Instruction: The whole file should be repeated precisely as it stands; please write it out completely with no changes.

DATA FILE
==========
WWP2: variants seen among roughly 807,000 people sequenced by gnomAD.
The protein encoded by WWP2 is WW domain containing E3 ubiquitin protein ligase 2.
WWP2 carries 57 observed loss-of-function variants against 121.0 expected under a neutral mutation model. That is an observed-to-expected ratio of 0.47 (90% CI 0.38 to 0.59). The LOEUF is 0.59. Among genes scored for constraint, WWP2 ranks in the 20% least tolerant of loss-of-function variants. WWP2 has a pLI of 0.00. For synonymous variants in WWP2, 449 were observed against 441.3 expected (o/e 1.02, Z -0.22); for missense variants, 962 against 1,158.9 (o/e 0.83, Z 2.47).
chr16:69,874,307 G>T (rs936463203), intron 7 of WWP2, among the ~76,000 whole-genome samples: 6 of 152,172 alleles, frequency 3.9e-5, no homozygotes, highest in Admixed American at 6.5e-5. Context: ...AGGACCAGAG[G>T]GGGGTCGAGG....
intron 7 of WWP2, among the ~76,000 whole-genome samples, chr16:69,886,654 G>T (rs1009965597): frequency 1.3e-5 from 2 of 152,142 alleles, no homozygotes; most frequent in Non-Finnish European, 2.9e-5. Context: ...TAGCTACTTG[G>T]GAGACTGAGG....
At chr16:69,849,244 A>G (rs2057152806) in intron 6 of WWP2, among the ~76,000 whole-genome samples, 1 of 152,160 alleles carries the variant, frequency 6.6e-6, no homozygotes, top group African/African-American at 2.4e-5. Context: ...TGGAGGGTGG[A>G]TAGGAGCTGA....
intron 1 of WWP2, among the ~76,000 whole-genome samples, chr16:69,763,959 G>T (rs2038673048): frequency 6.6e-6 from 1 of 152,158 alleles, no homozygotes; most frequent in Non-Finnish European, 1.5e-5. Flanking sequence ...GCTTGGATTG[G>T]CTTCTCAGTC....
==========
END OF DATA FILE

WWP2: variants seen among roughly 807,000 people sequenced by gnomAD.
The protein encoded by WWP2 is WW domain containing E3 ubiquitin protein ligase 2.
WWP2 carries 57 observed loss-of-function variants against 121.0 expected under a neutral mutation model. That is an observed-to-expected ratio of 0.47 (90% CI 0.38 to 0.59). The LOEUF is 0.59. Among genes scored for constraint, WWP2 ranks in the 20% least tolerant of loss-of-function variants. WWP2 has a pLI of 0.00. For synonymous variants in WWP2, 449 were observed against 441.3 expected (o/e 1.02, Z -0.22); for missense variants, 962 against 1,158.9 (o/e 0.83, Z 2.47).
chr16:69,874,307 G>T (rs936463203), intron 7 of WWP2, among the ~76,000 whole-genome samples: 6 of 152,172 alleles, frequency 3.9e-5, no homozygotes, highest in Admixed American at 6.5e-5. Context: ...AGGACCAGAG[G>T]GGGGTCGAGG....
intron 7 of WWP2, among the ~76,000 whole-genome samples, chr16:69,886,654 G>T (rs1009965597): frequency 1.3e-5 from 2 of 152,142 alleles, no homozygotes; most frequent in Non-Finnish European, 2.9e-5. Context: ...TAGCTACTTG[G>T]GAGACTGAGG....
At chr16:69,849,244 A>G (rs2057152806) in intron 6 of WWP2, among the ~76,000 whole-genome samples, 1 of 152,160 alleles carries the variant, frequency 6.6e-6, no homozygotes, top group African/African-American at 2.4e-5. Context: ...TGGAGGGTGG[A>G]TAGGAGCTGA....
intron 1 of WWP2, among the ~76,000 whole-genome samples, chr16:69,763,959 G>T (rs2038673048): frequency 6.6e-6 from 1 of 152,158 alleles, no homozygotes; most frequent in Non-Finnish European, 1.5e-5. Flanking sequence ...GCTTGGATTG[G>T]CTTCTCAGTC....